Break the Cycle: Approach Education as a Community
Education is Indian country’s civil rights issue of the generation. With the right tools parents can become empowered advocates for their children. If a plumber fails to fix our dishwasher we fire them. Yet, if a school fails to educate our children, we faithfully see them to the bus for 13 years. Our schools and teachers provide a service, but a school’s established power dynamic often makes it challenging for parents to engage as equal partners.
Our children are first enrolled in the school of life with parents as teachers and elders as professors of culture. Our knowledge of education is thousands of years old—a teacher’s is at most a few decades. Our children do not fail because of apathy or lack of ability. They fail because they resist the assimilation of the culturally biased education system. We all know students who can clearly explain how their curriculum is not engaging, relevant, and teaching styles are not feeding their curiosity.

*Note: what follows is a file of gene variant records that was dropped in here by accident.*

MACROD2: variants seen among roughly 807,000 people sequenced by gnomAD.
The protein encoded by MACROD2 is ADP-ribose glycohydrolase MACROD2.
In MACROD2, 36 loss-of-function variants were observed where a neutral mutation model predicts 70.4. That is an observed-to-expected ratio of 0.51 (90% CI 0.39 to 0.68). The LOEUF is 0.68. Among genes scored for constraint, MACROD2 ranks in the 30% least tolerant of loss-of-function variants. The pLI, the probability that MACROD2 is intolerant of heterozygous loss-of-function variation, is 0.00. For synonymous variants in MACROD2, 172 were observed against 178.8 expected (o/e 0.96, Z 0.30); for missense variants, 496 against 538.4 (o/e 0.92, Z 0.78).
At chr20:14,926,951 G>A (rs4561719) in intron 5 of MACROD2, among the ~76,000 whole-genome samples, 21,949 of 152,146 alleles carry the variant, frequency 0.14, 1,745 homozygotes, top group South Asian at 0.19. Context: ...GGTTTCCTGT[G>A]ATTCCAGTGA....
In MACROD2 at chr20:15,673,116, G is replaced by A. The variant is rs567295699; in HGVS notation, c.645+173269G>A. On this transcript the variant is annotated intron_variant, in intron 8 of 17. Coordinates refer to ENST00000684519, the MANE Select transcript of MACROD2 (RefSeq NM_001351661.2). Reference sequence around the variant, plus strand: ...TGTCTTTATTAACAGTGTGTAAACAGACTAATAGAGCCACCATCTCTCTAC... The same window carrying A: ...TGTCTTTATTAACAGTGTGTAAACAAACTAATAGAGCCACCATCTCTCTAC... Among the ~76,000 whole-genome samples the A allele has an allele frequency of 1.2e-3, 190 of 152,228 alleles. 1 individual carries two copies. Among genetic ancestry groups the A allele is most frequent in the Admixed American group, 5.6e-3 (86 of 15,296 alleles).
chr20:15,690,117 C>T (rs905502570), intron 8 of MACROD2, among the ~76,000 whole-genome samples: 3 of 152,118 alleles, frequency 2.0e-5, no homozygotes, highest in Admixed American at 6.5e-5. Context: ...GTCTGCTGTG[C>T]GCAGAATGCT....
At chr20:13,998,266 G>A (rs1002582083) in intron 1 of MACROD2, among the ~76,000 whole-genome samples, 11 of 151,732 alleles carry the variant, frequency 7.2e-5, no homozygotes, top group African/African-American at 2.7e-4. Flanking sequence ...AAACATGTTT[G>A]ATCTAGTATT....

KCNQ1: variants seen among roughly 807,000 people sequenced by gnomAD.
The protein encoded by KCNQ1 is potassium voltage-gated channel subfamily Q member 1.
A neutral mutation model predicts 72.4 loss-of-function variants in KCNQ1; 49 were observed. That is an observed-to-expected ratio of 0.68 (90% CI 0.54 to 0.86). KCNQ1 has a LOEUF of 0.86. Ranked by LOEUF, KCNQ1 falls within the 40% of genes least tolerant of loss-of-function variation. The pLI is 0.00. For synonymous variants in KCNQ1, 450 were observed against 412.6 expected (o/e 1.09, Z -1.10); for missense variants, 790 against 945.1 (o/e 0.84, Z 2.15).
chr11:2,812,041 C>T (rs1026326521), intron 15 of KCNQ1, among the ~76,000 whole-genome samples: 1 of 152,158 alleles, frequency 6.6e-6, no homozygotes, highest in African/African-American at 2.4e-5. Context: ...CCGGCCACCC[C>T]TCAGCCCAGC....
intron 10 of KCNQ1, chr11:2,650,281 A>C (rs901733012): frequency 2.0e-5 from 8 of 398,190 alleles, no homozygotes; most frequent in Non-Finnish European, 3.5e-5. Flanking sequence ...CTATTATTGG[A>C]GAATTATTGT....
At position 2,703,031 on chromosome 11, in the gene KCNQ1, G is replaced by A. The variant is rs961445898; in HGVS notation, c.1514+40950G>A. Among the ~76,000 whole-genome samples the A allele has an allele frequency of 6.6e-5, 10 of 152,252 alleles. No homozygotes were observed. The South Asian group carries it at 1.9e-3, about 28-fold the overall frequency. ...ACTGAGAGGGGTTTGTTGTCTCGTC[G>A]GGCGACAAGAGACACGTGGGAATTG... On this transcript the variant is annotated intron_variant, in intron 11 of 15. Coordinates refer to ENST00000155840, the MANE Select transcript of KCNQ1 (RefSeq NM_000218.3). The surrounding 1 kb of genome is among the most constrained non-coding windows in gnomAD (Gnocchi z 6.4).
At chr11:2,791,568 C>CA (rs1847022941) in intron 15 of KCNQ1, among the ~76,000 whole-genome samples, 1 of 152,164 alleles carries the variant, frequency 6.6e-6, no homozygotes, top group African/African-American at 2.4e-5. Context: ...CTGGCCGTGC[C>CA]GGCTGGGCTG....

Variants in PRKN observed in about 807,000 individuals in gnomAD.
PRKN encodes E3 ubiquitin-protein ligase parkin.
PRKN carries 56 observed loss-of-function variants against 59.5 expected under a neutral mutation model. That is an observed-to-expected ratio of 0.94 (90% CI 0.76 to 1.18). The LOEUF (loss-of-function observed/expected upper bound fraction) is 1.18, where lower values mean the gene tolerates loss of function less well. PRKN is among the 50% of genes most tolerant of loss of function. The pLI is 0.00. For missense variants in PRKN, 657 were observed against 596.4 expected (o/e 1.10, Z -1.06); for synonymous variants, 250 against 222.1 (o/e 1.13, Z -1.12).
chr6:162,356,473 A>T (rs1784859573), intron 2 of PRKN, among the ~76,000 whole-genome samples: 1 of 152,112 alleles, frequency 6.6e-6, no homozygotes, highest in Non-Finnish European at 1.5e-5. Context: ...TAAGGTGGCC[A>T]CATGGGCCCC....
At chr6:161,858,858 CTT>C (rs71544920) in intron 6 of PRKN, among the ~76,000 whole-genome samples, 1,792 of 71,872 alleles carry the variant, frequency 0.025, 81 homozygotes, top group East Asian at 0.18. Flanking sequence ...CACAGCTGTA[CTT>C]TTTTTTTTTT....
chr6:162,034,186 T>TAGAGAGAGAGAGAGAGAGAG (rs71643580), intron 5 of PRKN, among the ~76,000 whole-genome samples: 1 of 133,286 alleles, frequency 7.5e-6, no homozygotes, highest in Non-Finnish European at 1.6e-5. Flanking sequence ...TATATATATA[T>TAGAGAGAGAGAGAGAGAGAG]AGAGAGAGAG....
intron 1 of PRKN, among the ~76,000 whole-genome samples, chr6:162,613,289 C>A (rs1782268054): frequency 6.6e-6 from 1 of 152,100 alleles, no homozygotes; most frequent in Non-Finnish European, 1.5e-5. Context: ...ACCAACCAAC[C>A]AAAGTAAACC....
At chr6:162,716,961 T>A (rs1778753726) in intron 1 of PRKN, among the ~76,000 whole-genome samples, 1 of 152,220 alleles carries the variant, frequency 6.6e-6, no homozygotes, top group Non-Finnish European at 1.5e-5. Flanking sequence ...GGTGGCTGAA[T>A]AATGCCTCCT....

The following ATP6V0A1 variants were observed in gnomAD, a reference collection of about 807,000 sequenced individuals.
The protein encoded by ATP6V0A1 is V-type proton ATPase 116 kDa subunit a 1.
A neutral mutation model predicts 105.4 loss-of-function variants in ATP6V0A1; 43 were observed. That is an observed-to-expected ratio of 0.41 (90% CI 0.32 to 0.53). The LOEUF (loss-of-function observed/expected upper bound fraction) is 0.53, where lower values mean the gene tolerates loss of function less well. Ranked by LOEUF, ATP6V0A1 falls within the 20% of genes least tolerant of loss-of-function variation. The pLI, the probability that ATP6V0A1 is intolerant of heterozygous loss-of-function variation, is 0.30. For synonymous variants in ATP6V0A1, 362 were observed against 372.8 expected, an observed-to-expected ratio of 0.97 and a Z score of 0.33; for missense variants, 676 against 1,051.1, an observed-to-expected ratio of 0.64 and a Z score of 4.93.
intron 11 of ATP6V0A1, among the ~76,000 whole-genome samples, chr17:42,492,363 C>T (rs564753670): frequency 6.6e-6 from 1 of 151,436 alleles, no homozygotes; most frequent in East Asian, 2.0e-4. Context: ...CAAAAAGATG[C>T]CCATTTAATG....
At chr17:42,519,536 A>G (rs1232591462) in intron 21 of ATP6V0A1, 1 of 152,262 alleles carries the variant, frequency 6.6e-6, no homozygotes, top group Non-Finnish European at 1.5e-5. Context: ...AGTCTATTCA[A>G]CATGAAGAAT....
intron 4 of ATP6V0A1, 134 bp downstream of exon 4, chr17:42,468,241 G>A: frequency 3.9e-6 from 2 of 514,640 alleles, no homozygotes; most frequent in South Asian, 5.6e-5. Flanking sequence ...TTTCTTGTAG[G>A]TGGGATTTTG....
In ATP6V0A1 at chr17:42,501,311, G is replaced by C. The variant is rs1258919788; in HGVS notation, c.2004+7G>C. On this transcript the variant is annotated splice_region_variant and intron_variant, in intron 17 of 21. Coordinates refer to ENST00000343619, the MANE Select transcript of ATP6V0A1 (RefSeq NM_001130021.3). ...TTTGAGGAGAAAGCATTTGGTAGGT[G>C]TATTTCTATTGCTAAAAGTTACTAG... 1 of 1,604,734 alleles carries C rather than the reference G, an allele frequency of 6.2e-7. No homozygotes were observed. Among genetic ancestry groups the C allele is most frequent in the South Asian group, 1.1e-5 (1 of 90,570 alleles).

Many elders mistrust schools because they remember boarding schools. Parents today have also been failed by school and bring a modern distrust of public education. It’s time we break this cycle. We encourage parents to communicate effectively and reaffirm their role as child advocates. Parents can commit to the idea that they can make a positive difference in their child’s education, have the confidence to ask questions, and explain their child’s learning style. Communication must be regular and clear from both sides.
Teachers desire support from their disengaged Native parents. Teachers usually call to express long-standing behavior and academic concerns often too late for students to close the gap. These calls are defeating, but parents can share the burden with the teacher. Parents should ask such questions as: “What are my child’s strengths? How well does my child develop relationships? How do you make the lessons engaging? What accommodations or support is provided?” Questions like these develop partnerships between teachers and parents.
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